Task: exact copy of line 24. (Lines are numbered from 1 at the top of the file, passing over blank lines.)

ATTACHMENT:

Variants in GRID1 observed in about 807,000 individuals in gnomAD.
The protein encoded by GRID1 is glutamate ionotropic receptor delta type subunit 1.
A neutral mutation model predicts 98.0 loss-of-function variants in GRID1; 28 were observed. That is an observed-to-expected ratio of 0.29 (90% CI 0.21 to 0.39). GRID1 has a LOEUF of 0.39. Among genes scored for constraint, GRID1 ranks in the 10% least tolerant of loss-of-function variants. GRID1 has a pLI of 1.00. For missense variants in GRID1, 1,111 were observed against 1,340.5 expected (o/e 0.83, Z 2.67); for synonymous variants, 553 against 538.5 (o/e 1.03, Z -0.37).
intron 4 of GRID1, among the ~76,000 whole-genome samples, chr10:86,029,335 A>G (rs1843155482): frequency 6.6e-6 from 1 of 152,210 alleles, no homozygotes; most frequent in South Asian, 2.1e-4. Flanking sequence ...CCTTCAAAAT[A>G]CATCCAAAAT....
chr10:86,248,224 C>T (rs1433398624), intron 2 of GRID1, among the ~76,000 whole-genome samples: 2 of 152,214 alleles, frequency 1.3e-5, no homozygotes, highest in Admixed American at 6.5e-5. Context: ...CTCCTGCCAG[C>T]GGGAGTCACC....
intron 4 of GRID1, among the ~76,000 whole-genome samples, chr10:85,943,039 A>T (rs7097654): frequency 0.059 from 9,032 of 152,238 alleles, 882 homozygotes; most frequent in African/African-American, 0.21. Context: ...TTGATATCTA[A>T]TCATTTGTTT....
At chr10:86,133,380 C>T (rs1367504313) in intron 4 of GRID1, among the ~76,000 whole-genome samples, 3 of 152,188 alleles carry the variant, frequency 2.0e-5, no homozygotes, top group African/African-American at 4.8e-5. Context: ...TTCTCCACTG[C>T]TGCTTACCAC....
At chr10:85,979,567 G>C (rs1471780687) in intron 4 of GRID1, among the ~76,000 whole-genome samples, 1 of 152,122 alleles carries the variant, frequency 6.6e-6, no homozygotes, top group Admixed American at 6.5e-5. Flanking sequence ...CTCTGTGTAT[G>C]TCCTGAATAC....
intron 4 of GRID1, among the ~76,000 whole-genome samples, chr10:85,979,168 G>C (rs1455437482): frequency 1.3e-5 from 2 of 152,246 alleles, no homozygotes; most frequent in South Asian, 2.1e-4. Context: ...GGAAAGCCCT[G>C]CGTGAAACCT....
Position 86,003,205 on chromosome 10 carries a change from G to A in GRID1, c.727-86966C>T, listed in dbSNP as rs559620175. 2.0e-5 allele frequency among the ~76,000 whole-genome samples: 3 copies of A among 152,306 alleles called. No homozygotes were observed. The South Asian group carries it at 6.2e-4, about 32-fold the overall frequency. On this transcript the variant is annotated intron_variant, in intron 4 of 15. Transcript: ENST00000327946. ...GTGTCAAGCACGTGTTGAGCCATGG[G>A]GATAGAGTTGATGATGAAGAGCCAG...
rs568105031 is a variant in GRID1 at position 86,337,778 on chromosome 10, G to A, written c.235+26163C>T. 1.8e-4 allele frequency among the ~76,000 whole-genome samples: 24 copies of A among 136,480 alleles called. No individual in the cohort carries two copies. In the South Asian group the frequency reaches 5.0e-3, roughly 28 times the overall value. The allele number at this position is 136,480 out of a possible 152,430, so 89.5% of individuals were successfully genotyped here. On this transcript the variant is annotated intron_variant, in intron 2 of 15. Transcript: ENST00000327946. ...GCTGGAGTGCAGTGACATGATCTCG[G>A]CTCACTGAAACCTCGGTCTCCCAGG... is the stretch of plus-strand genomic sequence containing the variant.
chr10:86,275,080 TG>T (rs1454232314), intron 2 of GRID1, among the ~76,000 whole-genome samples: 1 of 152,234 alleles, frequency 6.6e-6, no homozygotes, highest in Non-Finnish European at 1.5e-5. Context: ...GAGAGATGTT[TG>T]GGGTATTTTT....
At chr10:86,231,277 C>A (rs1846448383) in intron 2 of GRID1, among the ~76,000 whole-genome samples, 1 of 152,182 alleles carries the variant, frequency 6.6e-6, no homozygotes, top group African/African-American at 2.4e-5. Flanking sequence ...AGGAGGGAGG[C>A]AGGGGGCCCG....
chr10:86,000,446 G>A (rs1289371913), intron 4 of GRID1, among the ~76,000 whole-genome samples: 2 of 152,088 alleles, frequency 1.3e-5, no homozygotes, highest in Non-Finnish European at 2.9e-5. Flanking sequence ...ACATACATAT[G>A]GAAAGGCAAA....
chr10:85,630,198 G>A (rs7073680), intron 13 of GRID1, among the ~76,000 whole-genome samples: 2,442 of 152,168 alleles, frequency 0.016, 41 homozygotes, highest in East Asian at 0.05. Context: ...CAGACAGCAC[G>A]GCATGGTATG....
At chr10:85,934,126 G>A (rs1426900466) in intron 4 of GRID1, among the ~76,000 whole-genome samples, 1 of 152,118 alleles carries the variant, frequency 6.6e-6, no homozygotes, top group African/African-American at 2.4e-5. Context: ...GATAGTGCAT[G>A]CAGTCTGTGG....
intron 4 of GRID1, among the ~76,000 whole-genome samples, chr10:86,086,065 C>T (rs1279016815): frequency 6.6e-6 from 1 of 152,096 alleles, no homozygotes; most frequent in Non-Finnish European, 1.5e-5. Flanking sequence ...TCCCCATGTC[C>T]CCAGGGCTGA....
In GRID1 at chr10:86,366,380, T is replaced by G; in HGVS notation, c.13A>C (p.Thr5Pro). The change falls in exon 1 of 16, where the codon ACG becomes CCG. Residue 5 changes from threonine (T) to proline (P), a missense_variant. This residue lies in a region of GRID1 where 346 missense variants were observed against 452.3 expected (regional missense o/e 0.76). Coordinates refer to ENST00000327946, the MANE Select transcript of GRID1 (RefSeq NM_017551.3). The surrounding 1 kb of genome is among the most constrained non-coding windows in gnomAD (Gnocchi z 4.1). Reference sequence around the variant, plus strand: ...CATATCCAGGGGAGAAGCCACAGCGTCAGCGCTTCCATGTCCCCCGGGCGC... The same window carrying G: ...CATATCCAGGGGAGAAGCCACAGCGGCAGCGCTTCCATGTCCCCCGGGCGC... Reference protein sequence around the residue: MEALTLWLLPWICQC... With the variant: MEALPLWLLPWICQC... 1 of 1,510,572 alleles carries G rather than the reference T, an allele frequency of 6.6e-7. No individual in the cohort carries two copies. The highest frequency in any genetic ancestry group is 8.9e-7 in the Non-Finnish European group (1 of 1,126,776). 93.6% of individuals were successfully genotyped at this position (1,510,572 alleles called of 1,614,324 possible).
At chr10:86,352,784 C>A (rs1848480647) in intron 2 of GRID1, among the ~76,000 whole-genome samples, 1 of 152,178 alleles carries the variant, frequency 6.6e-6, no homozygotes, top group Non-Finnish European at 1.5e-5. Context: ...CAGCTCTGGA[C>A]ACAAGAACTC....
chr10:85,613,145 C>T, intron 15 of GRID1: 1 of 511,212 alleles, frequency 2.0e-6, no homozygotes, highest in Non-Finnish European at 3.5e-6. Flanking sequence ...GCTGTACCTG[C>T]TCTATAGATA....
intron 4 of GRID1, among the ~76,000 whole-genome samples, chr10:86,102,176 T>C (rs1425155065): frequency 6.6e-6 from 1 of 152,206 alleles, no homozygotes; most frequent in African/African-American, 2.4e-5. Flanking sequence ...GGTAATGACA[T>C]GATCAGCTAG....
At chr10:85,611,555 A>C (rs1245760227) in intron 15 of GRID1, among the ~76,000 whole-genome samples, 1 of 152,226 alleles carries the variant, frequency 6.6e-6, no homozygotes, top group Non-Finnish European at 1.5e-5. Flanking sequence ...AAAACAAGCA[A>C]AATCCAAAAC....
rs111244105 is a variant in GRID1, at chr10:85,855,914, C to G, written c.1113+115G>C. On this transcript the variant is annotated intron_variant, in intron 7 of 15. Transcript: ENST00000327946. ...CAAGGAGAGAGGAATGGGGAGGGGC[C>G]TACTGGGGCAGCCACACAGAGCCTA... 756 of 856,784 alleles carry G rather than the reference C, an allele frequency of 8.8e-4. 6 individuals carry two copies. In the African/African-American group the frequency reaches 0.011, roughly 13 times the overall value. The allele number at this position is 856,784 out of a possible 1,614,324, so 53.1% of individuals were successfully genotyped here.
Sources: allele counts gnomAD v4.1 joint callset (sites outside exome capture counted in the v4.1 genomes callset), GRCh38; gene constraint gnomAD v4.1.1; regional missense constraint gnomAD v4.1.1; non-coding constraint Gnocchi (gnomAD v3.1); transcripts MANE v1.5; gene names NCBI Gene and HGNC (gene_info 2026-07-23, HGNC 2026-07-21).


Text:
Sources: allele counts gnomAD v4.1 joint callset (sites outside exome capture counted in the v4.1 genomes callset), GRCh38; gene constraint gnomAD v4.1.1; regional missense constraint gnomAD v4.1.1; non-coding constraint Gnocchi (gnomAD v3.1); transcripts MANE v1.5; gene names NCBI Gene and HGNC (gene_info 2026-07-23, HGNC 2026-07-21).